Here’s where to find local parades, street fairs and fireworks shows.

Washington Gov. Jay Inslee, left, gets the first shot of the Moderna COVID-19 vaccine, Friday, Jan. 22, 2021, from Elizabeth Smalley, right, a medical assistant at a Sea Mar Community Health Center in Olympia, Wash. Inslee's wife Trudi also received the first dose of the vaccine. (AP Photo/Ted S. Warren)
Governor wants to make vaccine mandate permanent for new hires

Jay Inslee also wants to require current and future state employees keep up with their shots, if they want to keep their jobs.

Sandra Oleson, center, holds up a “Protect Our Rights” sign and shouts for support from passing vehicles during a protest against the Supreme Court’s decision to overturn Roe v. Wade on Friday, June 24, 2022, along Broadway in Everett, Washington. (Ryan Berry / The Herald)
Biden assures Inslee of federal support to preserve abortion access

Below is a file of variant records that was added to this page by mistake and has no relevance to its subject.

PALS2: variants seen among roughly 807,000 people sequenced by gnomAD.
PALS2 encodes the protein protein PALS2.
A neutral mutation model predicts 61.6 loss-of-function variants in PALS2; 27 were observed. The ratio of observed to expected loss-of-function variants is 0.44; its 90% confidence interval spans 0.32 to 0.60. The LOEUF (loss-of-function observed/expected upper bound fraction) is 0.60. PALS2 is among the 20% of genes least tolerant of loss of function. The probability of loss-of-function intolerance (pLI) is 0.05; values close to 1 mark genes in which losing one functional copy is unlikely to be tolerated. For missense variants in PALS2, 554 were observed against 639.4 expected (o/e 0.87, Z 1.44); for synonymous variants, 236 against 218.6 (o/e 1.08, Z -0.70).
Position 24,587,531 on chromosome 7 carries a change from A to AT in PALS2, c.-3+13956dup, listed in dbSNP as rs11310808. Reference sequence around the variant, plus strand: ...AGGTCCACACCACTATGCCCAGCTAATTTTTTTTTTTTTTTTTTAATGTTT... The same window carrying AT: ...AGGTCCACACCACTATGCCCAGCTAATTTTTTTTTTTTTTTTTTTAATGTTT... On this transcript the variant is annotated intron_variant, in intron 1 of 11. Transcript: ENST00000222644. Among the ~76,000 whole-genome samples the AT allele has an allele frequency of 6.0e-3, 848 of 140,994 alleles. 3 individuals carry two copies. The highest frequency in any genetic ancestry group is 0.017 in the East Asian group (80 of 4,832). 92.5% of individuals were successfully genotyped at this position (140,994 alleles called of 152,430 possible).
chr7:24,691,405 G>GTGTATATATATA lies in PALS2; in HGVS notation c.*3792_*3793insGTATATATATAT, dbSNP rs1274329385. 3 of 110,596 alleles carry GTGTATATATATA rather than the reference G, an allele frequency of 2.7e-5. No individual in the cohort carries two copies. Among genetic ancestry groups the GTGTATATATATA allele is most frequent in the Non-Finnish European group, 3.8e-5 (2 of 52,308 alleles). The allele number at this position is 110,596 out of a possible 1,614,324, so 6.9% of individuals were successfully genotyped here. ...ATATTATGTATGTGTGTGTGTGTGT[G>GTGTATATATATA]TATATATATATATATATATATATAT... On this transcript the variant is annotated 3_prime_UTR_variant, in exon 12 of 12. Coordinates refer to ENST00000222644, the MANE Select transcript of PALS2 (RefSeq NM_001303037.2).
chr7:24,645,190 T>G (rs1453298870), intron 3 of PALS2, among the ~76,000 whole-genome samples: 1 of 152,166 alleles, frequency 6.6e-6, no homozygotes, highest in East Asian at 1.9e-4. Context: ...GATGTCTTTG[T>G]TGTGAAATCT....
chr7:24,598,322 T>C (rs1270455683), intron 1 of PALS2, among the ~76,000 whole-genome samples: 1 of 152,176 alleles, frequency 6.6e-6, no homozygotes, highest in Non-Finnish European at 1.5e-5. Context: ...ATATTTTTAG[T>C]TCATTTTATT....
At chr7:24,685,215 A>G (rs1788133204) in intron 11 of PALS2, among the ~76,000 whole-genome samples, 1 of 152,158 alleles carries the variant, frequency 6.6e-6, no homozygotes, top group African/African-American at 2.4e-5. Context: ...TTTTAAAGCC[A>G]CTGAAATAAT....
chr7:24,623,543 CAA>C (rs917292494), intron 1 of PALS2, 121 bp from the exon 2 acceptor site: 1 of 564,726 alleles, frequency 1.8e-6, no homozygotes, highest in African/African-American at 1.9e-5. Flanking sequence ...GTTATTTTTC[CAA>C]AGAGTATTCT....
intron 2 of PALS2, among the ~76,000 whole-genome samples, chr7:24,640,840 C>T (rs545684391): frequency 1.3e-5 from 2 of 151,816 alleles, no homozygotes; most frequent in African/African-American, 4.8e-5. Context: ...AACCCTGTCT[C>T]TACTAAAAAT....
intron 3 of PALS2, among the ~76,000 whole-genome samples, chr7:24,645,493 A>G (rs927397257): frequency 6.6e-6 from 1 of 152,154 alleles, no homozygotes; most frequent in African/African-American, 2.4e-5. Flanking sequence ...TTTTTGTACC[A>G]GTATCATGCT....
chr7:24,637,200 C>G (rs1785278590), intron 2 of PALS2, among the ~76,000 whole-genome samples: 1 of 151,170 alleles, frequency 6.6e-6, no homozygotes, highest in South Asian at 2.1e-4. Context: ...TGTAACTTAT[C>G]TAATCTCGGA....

In the wake of Roe v. Wade’s overturning, the president and nine Democrat governors swapped strategies Friday.

Tulalip council members and tribal members watch as Governor Jay Inslee signs bill HB 1571 into law at the Tulalip Resort on Thursday, March 31, 2022 in Tulalip, Washington. (Olivia Vanni / The Herald)
Washington launches new Indigenous missing person alert system

It’s similar to an Amber Alert. Tulalip families of the missing have called the program a good first step.

Jenson Hankins address the court during his resentencing at the Snohomish County Courthouse on Thursday, June 30, 2022 in Everett, Washington. (Olivia Vanni / The Herald)
Man gets reduced sentence for 2003 Marysville ambush murder

“I’ve wanted to apologize for a long time,” said Jenson Hankins, who was 16 when he killed John Jasmer near Marysville.

Most Read